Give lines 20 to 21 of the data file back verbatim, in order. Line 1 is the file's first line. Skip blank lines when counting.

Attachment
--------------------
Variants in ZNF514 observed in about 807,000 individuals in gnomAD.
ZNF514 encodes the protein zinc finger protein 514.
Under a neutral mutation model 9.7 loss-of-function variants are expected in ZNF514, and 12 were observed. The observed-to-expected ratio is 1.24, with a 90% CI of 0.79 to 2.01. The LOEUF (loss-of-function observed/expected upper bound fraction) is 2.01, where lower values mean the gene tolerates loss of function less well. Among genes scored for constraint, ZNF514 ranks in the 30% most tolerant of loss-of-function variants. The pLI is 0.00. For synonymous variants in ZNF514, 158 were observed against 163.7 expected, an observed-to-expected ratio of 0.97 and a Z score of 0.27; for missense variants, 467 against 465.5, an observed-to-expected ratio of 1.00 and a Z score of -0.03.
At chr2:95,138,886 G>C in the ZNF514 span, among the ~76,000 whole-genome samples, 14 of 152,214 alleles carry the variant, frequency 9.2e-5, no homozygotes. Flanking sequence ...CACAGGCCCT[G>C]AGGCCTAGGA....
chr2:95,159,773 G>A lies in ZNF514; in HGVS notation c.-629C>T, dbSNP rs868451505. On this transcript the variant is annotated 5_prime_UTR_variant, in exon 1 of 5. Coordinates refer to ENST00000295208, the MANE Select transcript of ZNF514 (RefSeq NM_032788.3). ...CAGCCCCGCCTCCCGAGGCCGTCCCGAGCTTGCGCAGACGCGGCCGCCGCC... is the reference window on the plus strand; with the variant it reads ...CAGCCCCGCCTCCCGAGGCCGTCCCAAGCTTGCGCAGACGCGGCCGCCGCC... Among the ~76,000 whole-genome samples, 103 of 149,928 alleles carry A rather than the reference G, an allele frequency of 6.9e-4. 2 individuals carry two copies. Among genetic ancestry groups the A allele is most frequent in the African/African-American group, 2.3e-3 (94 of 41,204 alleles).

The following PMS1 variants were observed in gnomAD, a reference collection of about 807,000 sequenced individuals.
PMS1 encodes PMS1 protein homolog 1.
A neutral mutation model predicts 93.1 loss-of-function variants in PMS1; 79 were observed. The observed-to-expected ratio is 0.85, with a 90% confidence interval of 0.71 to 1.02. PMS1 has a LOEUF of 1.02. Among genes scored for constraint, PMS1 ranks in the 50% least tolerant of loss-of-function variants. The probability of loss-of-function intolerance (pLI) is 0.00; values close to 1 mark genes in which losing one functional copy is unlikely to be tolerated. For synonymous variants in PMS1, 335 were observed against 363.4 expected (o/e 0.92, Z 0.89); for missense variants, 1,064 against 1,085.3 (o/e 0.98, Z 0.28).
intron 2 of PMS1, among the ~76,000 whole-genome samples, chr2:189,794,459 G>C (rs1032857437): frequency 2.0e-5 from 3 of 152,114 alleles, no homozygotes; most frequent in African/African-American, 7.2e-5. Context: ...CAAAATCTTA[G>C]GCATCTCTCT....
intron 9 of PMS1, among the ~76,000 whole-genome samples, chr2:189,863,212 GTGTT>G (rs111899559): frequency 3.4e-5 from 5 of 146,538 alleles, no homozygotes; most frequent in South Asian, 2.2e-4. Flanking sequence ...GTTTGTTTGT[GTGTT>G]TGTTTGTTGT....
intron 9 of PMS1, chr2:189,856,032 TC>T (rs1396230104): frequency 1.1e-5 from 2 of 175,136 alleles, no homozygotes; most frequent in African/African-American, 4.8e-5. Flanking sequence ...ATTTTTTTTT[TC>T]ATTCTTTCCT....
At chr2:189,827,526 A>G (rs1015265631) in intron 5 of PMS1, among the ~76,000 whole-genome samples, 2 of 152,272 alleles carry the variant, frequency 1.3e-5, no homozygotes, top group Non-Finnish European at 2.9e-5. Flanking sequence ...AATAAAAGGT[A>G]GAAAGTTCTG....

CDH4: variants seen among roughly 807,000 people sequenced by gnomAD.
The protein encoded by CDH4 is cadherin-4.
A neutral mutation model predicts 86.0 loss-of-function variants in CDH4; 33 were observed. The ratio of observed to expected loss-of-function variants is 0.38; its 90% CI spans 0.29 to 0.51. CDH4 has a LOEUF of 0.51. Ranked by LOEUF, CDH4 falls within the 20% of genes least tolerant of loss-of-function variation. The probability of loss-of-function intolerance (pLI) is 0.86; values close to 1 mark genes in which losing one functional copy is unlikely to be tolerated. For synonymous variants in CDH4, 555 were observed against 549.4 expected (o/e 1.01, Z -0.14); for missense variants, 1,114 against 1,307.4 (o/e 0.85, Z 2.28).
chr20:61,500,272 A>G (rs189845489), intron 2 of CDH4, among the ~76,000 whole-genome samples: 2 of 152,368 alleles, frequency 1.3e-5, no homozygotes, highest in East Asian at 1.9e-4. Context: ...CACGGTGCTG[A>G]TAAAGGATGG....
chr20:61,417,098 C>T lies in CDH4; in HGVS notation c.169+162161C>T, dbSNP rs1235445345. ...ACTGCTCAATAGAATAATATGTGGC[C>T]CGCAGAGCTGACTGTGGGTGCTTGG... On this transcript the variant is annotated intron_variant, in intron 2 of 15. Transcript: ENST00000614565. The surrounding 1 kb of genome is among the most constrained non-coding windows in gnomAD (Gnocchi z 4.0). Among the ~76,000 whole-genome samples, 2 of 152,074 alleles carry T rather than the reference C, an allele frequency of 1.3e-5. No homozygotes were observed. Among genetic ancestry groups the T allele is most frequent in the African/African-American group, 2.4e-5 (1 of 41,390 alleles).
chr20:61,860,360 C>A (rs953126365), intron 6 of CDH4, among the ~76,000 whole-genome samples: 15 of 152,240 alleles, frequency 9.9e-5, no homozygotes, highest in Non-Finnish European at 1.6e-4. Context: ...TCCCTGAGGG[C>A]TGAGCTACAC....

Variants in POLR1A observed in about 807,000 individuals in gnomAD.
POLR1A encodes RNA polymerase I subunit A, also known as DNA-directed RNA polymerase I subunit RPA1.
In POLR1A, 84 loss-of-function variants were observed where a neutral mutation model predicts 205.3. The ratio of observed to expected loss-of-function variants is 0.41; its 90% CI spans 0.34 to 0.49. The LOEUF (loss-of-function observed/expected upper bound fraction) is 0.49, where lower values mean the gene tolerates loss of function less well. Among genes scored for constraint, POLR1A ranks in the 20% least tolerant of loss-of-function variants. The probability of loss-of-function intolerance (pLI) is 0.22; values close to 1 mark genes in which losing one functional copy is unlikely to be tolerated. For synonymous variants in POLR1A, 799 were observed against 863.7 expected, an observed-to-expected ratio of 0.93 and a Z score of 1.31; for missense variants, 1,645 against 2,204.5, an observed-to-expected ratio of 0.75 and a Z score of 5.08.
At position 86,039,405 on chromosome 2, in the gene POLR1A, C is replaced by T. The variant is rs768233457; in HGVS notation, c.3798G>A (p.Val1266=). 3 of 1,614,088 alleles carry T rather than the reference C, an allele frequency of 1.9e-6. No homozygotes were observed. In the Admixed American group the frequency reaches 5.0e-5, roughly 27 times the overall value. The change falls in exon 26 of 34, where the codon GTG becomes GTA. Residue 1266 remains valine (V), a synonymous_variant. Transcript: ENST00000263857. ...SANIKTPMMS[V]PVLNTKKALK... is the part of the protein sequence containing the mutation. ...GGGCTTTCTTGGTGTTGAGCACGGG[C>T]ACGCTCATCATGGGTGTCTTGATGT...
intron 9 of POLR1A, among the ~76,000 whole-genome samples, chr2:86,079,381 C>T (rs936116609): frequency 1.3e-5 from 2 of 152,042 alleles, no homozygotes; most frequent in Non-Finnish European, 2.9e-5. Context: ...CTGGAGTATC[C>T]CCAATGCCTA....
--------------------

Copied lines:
POLR1A encodes RNA polymerase I subunit A, also known as DNA-directed RNA polymerase I subunit RPA1.
In POLR1A, 84 loss-of-function variants were observed where a neutral mutation model predicts 205.3. The ratio of observed to expected loss-of-function variants is 0.41; its 90% CI spans 0.34 to 0.49. The LOEUF (loss-of-function observed/expected upper bound fraction) is 0.49, where lower values mean the gene tolerates loss of function less well. Among genes scored for constraint, POLR1A ranks in the 20% least tolerant of loss-of-function variants. The probability of loss-of-function intolerance (pLI) is 0.22; values close to 1 mark genes in which losing one functional copy is unlikely to be tolerated. For synonymous variants in POLR1A, 799 were observed against 863.7 expected, an observed-to-expected ratio of 0.93 and a Z score of 1.31; for missense variants, 1,645 against 2,204.5, an observed-to-expected ratio of 0.75 and a Z score of 5.08.